E-hon

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Cover & back of 2 bound-together volumes from the gōkan e-hon series - Nise Murasaki inaka Genj/A Country Genji, by an Imitation Murasaki. Published in 38(?) chapters, it was a parody-reworking of Genji Monogatari/The Tale of Genji. The series ran, in original release, from 1829 to 1842. Author: Ryūtei Tanehiko, Illustrator: Utagawa Kunisada

E-hon or Ehon (絵本) is the Japanese term for picture books. It may be applied in the general sense, or may refer specifically to a type of illustrated volume published from at least the mid-Edo period onwards, often as chapter-books in series. In English, it is this second usage which is the more common, i.e.: Japanese picture-books of a specific format (and produced in the traditional manner).[citation needed]

E-hon were traditionally produced as woodblock prints on thin washi paper (printed on one side only, then folded in half, creating a "leaf" with printing on both sides), bound together (right-to-left page order) with a simple external threaded binding; typically black (sumi) ink on white paper, often with polychromatic cover designs & sometimes with (usually more limited) internal colouring. Extremely popular during the late Edo-Meiji era. The modern Japanese manga format was created as a combination of ehon chapter-books with western-style comic books.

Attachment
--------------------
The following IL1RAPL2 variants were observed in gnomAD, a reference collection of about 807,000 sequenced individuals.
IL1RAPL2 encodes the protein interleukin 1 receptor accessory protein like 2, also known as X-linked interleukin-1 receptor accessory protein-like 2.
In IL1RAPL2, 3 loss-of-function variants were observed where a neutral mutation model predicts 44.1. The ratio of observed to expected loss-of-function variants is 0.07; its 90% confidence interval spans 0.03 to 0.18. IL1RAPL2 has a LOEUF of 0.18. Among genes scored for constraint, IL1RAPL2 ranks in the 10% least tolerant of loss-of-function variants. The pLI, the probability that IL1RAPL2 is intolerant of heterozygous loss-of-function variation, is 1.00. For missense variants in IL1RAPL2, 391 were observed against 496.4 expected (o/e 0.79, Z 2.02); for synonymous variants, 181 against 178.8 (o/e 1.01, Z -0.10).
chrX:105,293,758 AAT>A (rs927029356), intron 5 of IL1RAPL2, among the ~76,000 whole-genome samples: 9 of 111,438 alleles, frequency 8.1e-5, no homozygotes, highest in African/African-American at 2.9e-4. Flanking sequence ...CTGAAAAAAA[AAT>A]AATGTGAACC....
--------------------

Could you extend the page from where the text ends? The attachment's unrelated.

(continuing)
E-hon production was a significant part of the Japanese publishing industry (particularly) during the 19th century; most Japanese woodblock print artists of the period produced e-hon designs (often in large quantities), as commercial work.[1] However, the publication of e-hon dates back as far as the Muromachi Period.[2]

Toward the end of the 19th century, e-hon chapter-books were eclipsed in popularity by the new "western" concept of literary magazines. These were larger books which contained more, and a wider range of material per-issue, but usually fewer pictures (measured on a text-to-images ratio). They often used more modern printing methods; the increase in production costs was offset by increased efficiency, larger-scale printing and distribution, and the introduction of advertising. Typically, a magazine would include one large folded, polychrome illustration referencing some "feature" story in the volume, as a frontispiece. Such pictures, woodblock-printed in colour, are known as kuchi-e. The new format also absorbed most of the remaining talent and market for ukiyo-e style prints.

Akaei-no-uo from the Ehon Hyaku Monogatari - circa 1841
An image from the e-hon series Raigo Ajari Kaisoden/Priest Raigo's Mysterious Rat(s); story by Kyokutei Bakin, this edition was illustrated by Katsushika Hokusai - circa 1808

References[edit]

  1. ^ "NYPL Digital Gallery | Explore All Collections". Digitalgallery.nypl.org. Retrieved 2010-10-06. 
  2. ^ "Dharma Wonder Boy". World Digital Library. Retrieved 24 May 2013.